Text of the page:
Location

La Jolla, CA

Start Date

1-1-1993 12:00 PM

Description

Microballoons are tiny, hollow, thin-walled, glass spheres ranging in diameter from ~ 1 to 160 μm. They are commercially available in bulk for use as low cost, lightweight filler to be mixed with resins and other materials. As reported last year, the unique properties of microballoons have been exploited in a number of instances for recording the maximum of a pressure excursion [1]. To understand the technique, consider first what happens when microballoons are mixed in a carrier fluid, placed on the surface of an Acoustic Emission (AE) transducer and then subjected to a pneumatic pressure. Since the microballoons within a typical sample exhibit a random distribution of rupture strengths, the weakest burst first as the pressure increases. As the microballoons break they give rise to AE events which are easily detected by the transducer. A typical plot of the number of events versus pressure is presented in Fig. 1. If the mixture had been pre-pressurized to Po, little AE activity would have occurred on the ramp up to Po (the weaker balloons having already burst), followed by an abrupt onset in AE. This manifestation of the Kaiser Effect [2] is evident in the data of Fig. 2, where Po = 100 psi. In this manner, Po, the maximum pressure to which the mixture has been subjected, can be determined by detecting the abrupt onset of AE events upon repressurization of the mixture. A mixture, such as grease and microballoons, for instance, can therefore be placed at strategic locations on a structure to be “read” at a future date to determine the maximum pressure to which each location had been subjected.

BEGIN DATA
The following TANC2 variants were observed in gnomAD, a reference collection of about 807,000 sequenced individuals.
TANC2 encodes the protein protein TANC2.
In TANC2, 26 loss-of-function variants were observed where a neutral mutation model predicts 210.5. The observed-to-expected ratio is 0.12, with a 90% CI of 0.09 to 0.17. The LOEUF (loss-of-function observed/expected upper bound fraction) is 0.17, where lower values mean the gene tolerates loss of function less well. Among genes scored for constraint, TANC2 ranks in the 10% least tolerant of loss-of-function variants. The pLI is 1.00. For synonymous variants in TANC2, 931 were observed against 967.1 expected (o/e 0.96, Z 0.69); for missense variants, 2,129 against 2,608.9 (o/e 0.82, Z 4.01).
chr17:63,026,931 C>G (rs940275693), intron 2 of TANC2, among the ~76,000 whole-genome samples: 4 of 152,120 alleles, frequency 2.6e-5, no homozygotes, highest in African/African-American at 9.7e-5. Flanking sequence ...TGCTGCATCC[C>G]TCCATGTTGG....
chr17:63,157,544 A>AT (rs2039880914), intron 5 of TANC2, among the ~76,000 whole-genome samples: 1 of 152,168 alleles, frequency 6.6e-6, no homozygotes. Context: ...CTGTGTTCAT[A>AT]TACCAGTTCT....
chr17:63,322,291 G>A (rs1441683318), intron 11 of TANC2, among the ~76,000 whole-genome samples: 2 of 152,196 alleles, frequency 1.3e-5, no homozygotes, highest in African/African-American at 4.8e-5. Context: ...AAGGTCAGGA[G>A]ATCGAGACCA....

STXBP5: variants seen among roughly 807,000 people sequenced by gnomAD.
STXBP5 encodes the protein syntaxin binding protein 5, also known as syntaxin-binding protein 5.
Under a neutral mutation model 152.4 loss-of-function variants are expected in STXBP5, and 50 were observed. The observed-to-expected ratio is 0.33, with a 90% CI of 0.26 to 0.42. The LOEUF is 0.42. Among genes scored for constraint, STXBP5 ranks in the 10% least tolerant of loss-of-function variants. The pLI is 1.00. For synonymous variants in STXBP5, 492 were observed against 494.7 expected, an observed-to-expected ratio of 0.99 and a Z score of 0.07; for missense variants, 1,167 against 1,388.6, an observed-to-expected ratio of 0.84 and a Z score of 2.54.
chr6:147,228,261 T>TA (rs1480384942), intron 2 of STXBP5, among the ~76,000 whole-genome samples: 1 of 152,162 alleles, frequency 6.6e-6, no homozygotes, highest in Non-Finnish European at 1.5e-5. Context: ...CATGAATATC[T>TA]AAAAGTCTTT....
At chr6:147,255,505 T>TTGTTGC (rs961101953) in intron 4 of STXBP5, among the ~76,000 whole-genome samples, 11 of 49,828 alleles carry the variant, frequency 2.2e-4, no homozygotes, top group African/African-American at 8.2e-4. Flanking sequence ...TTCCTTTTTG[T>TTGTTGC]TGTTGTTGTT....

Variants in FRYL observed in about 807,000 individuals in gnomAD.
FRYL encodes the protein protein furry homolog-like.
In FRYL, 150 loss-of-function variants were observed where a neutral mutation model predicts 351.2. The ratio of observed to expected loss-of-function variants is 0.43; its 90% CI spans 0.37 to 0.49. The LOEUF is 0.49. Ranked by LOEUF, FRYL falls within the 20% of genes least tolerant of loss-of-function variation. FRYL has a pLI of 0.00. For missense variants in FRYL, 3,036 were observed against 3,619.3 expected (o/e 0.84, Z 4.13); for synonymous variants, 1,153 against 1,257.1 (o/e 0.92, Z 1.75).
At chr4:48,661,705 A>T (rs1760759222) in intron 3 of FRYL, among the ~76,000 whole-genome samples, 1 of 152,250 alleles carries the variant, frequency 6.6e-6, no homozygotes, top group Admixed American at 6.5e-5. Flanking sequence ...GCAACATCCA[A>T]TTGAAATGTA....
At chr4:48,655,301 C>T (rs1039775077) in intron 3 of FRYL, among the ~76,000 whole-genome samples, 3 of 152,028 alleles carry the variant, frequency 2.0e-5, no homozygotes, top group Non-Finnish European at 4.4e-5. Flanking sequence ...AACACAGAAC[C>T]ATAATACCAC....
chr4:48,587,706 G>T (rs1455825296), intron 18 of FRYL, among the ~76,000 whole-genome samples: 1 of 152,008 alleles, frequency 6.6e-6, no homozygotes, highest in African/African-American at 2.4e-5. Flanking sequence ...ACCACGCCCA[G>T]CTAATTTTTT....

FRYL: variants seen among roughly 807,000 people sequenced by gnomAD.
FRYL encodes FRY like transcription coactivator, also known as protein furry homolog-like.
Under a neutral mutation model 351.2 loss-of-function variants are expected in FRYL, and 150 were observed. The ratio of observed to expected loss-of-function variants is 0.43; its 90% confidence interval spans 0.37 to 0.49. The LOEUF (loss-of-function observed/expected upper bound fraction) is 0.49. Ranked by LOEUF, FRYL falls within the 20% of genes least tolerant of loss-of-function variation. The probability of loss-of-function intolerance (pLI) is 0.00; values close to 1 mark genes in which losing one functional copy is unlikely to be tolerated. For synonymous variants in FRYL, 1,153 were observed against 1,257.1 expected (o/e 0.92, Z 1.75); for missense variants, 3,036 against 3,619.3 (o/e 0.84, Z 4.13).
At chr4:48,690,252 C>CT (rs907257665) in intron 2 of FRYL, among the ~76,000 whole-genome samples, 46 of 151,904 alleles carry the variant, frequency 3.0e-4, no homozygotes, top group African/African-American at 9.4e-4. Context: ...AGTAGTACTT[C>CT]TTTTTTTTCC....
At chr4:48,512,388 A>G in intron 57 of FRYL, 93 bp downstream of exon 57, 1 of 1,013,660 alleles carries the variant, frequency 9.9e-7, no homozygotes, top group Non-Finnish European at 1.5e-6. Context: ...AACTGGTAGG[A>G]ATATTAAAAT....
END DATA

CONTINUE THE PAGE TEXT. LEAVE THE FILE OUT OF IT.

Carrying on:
Book Title

Review of Progress in Quantitative Nondestructive Evaluation

Volume

12A

Chapter

Chapter 4: Sensors and New Techniques

Section

Ultrasonic and Acoustic Sensors

Pages

989-993

DOI

10.1007/978-1-4615-2848-7_126

Language

en

File Format

application/pdf

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Jan 1st, 12:00 PM

Acoustic emissions from pressurized microballoons

La Jolla, CA

Microballoons are tiny, hollow, thin-walled, glass spheres ranging in diameter from ~ 1 to 160 μm. They are commercially available in bulk for use as low cost, lightweight filler to be mixed with resins and other materials. As reported last year, the unique properties of microballoons have been exploited in a number of instances for recording the maximum of a pressure excursion [1]. To understand the technique, consider first what happens when microballoons are mixed in a carrier fluid, placed on the surface of an Acoustic Emission (AE) transducer and then subjected to a pneumatic pressure. Since the microballoons within a typical sample exhibit a random distribution of rupture strengths, the weakest burst first as the pressure increases. As the microballoons break they give rise to AE events which are easily detected by the transducer. A typical plot of the number of events versus pressure is presented in Fig. 1. If the mixture had been pre-pressurized to Po, little AE activity would have occurred on the ramp up to Po (the weaker balloons having already burst), followed by an abrupt onset in AE. This manifestation of the Kaiser Effect [2] is evident in the data of Fig. 2, where Po = 100 psi. In this manner, Po, the maximum pressure to which the mixture has been subjected, can be determined by detecting the abrupt onset of AE events upon repressurization of the mixture. A mixture, such as grease and microballoons, for instance, can therefore be placed at strategic locations on a structure to be “read” at a future date to determine the maximum pressure to which each location had been subjected.